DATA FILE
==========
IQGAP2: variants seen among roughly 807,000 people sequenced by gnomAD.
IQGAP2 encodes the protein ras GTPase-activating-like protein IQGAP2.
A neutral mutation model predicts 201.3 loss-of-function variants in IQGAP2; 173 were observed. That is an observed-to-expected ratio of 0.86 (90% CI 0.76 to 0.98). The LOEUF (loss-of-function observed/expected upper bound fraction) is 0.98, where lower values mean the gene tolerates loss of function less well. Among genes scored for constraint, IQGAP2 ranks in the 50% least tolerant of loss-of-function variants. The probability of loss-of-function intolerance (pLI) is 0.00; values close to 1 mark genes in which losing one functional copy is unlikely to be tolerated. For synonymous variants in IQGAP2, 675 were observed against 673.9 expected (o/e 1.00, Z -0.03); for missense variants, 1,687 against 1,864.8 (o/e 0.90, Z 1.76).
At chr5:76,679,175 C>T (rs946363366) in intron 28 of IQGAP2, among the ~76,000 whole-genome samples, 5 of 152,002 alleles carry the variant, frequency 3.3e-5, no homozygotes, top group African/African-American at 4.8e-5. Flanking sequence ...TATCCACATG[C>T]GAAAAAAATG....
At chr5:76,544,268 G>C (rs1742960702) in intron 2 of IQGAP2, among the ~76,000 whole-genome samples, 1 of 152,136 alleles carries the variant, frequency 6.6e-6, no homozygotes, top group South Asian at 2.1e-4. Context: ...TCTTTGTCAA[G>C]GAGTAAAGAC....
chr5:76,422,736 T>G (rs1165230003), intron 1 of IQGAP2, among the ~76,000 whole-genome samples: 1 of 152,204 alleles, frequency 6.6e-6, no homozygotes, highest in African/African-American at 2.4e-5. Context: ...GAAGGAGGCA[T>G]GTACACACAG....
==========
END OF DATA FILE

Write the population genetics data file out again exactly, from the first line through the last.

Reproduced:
IQGAP2: variants seen among roughly 807,000 people sequenced by gnomAD.
IQGAP2 encodes the protein ras GTPase-activating-like protein IQGAP2.
A neutral mutation model predicts 201.3 loss-of-function variants in IQGAP2; 173 were observed. That is an observed-to-expected ratio of 0.86 (90% CI 0.76 to 0.98). The LOEUF (loss-of-function observed/expected upper bound fraction) is 0.98, where lower values mean the gene tolerates loss of function less well. Among genes scored for constraint, IQGAP2 ranks in the 50% least tolerant of loss-of-function variants. The probability of loss-of-function intolerance (pLI) is 0.00; values close to 1 mark genes in which losing one functional copy is unlikely to be tolerated. For synonymous variants in IQGAP2, 675 were observed against 673.9 expected (o/e 1.00, Z -0.03); for missense variants, 1,687 against 1,864.8 (o/e 0.90, Z 1.76).
At chr5:76,679,175 C>T (rs946363366) in intron 28 of IQGAP2, among the ~76,000 whole-genome samples, 5 of 152,002 alleles carry the variant, frequency 3.3e-5, no homozygotes, top group African/African-American at 4.8e-5. Flanking sequence ...TATCCACATG[C>T]GAAAAAAATG....
At chr5:76,544,268 G>C (rs1742960702) in intron 2 of IQGAP2, among the ~76,000 whole-genome samples, 1 of 152,136 alleles carries the variant, frequency 6.6e-6, no homozygotes, top group South Asian at 2.1e-4. Context: ...TCTTTGTCAA[G>C]GAGTAAAGAC....
chr5:76,422,736 T>G (rs1165230003), intron 1 of IQGAP2, among the ~76,000 whole-genome samples: 1 of 152,204 alleles, frequency 6.6e-6, no homozygotes, highest in African/African-American at 2.4e-5. Context: ...GAAGGAGGCA[T>G]GTACACACAG....